It is this mapping and remapping this post seeks to examine, by looking at a sixteenth-century phenomenon of visual culture to observe patterns of spatial reconfiguration following the political “conquering” or “taking” of a designated site along the most illustrated and most volatile border in sixteenth-century Europe: the Ottoman-Hungarian frontier zone.  The localized views of specific cities, towns, and fortresses offer more detailed and intimate understandings of this shifting border than the handful of regional maps from the period, which have been addressed elsewhere.[3] I seek here to establish a typology of conceptualization: narrative, cityscape, and plan. 

Sixteenth-century Visual Material
The visual materials, loosely labeled as maps, are the products of a turbulent political and social climate, produced and consumed by various populations of locals, Habsburgs, and Ottoman Turks.  As they collided on the battlefield and in the city streets, illustrators, engravers, map makers, and amateurs sought to visualize the exchange in unique ways. These works do not predate the gradual development of scientific cartography, though they were created separately from the handful of regional cartographic representations of the same period.  Are they maps? The definition of a “map” is complicated and making a distinction between map and not-map is nearly impossible. Their utility for navigational purposes may be lacking, but they locate human actions in space like other utilitarian maps. Yet at the same time they differ greatly from our traditional understanding, because their primary purpose is often to tell a story rather than to present facts. This question brings up issues between etic and emic understandings of maps and the semiotic problem of map–territory relationships. After all, a map can be a guide to mental territories as well as physical ones.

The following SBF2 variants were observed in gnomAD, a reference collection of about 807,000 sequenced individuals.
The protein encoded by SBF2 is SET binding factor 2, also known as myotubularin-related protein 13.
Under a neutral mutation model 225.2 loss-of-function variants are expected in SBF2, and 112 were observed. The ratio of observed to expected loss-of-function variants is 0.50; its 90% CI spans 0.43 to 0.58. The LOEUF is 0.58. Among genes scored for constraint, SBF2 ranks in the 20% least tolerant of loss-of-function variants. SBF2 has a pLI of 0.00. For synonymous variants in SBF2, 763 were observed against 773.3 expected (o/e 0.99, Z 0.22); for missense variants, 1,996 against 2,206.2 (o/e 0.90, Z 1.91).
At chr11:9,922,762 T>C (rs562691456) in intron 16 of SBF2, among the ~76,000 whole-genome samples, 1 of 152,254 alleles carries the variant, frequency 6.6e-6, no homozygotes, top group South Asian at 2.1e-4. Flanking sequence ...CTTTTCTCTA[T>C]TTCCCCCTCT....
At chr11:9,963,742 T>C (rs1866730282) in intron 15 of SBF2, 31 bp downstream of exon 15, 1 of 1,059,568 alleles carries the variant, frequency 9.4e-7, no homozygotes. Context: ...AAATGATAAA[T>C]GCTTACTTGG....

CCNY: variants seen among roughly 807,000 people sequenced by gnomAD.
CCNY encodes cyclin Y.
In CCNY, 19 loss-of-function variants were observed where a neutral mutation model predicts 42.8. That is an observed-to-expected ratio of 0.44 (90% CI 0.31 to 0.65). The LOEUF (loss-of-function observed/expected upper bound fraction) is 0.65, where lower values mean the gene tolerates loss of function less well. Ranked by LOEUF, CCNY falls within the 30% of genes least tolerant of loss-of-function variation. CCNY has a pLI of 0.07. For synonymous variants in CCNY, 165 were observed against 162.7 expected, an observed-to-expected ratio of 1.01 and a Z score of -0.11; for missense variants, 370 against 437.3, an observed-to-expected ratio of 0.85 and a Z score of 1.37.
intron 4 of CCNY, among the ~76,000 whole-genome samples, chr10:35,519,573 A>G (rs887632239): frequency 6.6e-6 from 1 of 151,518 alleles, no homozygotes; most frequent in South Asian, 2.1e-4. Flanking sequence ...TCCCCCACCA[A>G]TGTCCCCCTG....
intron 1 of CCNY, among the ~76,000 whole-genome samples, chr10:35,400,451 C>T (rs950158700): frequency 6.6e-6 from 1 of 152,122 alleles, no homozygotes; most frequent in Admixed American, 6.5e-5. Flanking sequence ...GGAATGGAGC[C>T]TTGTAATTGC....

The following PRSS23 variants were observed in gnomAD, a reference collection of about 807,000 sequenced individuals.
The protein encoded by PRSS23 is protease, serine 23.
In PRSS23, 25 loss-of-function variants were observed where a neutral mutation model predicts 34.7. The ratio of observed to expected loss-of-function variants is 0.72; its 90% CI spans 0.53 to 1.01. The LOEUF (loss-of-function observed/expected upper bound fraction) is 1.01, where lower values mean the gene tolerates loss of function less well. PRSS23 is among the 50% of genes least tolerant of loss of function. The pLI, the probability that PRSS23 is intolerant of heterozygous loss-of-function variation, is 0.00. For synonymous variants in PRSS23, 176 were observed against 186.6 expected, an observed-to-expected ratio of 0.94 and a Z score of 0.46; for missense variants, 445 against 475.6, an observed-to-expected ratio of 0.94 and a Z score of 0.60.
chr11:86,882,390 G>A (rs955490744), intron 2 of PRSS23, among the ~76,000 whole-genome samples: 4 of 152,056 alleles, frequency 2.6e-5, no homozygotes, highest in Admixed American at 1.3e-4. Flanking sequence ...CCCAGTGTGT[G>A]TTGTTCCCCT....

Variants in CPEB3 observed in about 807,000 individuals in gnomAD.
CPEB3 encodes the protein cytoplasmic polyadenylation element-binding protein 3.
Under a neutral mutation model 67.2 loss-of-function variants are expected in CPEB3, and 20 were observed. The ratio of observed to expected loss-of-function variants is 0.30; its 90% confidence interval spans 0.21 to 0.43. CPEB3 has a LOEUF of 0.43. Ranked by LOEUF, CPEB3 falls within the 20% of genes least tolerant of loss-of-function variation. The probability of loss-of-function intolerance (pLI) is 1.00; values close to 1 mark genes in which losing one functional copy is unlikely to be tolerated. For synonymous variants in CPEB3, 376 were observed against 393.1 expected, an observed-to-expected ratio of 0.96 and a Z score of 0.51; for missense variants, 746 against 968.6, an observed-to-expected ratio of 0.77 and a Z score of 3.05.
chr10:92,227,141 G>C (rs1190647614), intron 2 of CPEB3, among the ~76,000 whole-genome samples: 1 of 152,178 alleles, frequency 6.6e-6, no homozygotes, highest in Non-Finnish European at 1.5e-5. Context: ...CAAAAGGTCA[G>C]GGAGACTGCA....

What follows is an unavoidably incomplete summary of those sources created between 1526 and 1605, when the Ottoman Empire’s expansion efforts in Central Europe were at their height.  It should be noted that equally interesting studies could be made of images from the Venetian-Ottoman frontier and the Ottoman Empire’s Eastern frontiers.[4] Late seventeenth century images of the decline of the Ottoman period in the region are also rich in number and content, however they are outside the scope of this paper because they are born out of a different political climate.